The archaic city of Dara, located in southeastern Mardin province, was one of the significant trade centers of Mesopotamia in ancient times. The Roman-era city offers opportunities for visitors who want to embark on a historical journey with its all glory and splendor.
Excavations and research have been carried out for 34 years in Dara's Oğuz village, which is some 30 kilometers (19 miles) from the provincial center.
The ruins of the ancient city of Dara, featuring ancient rock tombs dating back to the fifth century A.D., have been compared to the famed city of Ephesus in Aegean Turkey, earning it the nickname the Ephesus of Mesopotamia, the breadbasket of the ancient Near East.
The city, an important settlement along the famed Silk Road – which also saw great wars – for years served as the last stronghold of the Byzantine Empire in southeastern Anatolia, offering unique opportunities for those who want to go on a historical journey.
The necropolis, which literally means the city of the dead, is where religious ceremonies were held during the Roman Era and hundreds of people were buried together. Now, it is one of the most popular spots in the ancient city. "Our purpose here is to fully reveal the tourism potential of Dara, one of the most important city walls in the world,” said the Minister of Industry and Technology Mustafa Varank upon visiting the ancient ruins.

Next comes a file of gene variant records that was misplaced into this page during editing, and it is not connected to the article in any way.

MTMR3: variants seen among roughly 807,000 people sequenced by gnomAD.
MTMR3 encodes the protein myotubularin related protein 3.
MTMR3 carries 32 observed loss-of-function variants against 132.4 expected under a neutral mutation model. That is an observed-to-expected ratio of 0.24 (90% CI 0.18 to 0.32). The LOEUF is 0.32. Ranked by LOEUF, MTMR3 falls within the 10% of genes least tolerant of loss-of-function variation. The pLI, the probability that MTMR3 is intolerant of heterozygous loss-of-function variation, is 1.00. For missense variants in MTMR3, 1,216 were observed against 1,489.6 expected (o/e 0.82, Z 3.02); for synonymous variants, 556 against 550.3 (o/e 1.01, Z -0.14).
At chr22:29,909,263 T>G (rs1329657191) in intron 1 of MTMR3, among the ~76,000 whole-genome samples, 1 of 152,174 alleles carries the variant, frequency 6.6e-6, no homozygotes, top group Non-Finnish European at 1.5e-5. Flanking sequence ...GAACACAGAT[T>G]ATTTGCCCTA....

In this context, the government provided support of 4 million Turkish liras (nearly half a million dollars) through the Attraction Centers Support Program, as carried out by the Mardin Museum Directorate.
"Each region in Turkey has different richnesses within itself. Some of our regions are distinguished by their industry, some by their agricultural capacity, and others by their tourism," he added.
It is necessary to develop policies compatible with regional scale and geographies, he said, adding that Mesopotamia stands before us as a great success story.
The ancient city, founded by the Eastern Roman Empire in order to protect their border against the Sasanian Empire, is a favorite spot for tourists to take photos or newlyweds to pose for wedding or honeymoon pictures amid historical splendor.
The archaeological excavations began in the ancient city in 1986, but only some 10% of the area of an ancient village has been unearthed so far.
Over a period of 25 years, archaeological digs slowly revealed a monumental mass graveyard or necropolis.
One such cistern is located some 25 meters (82 feet) under a village house in Dara, which has drawn comparisons to Istanbul’s famed Yerebatan Cistern. The cistern, which the villagers call the "dungeon," was cleaned and unearthed over painstaking work spanning some 15 years.